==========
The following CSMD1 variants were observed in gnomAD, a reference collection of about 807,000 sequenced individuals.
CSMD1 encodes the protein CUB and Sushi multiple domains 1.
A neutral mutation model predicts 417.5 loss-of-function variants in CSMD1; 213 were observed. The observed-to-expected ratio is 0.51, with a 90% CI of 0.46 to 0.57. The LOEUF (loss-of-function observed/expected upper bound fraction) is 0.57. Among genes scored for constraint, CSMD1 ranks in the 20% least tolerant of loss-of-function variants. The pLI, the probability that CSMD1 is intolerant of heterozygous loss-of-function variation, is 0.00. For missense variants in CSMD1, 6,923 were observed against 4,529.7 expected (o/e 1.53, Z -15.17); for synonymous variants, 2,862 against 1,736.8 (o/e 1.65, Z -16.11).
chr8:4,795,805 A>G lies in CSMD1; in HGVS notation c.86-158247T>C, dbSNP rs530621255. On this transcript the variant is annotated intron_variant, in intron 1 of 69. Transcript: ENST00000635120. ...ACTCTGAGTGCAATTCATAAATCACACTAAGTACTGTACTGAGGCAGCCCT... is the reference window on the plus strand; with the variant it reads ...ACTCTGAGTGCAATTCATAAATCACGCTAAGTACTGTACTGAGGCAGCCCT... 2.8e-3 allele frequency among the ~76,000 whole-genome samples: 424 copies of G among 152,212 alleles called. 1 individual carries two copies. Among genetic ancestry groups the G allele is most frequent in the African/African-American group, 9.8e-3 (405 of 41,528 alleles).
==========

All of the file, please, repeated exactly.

The following CSMD1 variants were observed in gnomAD, a reference collection of about 807,000 sequenced individuals.
CSMD1 encodes the protein CUB and Sushi multiple domains 1.
A neutral mutation model predicts 417.5 loss-of-function variants in CSMD1; 213 were observed. The observed-to-expected ratio is 0.51, with a 90% CI of 0.46 to 0.57. The LOEUF (loss-of-function observed/expected upper bound fraction) is 0.57. Among genes scored for constraint, CSMD1 ranks in the 20% least tolerant of loss-of-function variants. The pLI, the probability that CSMD1 is intolerant of heterozygous loss-of-function variation, is 0.00. For missense variants in CSMD1, 6,923 were observed against 4,529.7 expected (o/e 1.53, Z -15.17); for synonymous variants, 2,862 against 1,736.8 (o/e 1.65, Z -16.11).
chr8:4,795,805 A>G lies in CSMD1; in HGVS notation c.86-158247T>C, dbSNP rs530621255. On this transcript the variant is annotated intron_variant, in intron 1 of 69. Transcript: ENST00000635120. ...ACTCTGAGTGCAATTCATAAATCACACTAAGTACTGTACTGAGGCAGCCCT... is the reference window on the plus strand; with the variant it reads ...ACTCTGAGTGCAATTCATAAATCACGCTAAGTACTGTACTGAGGCAGCCCT... 2.8e-3 allele frequency among the ~76,000 whole-genome samples: 424 copies of G among 152,212 alleles called. 1 individual carries two copies. Among genetic ancestry groups the G allele is most frequent in the African/African-American group, 9.8e-3 (405 of 41,528 alleles).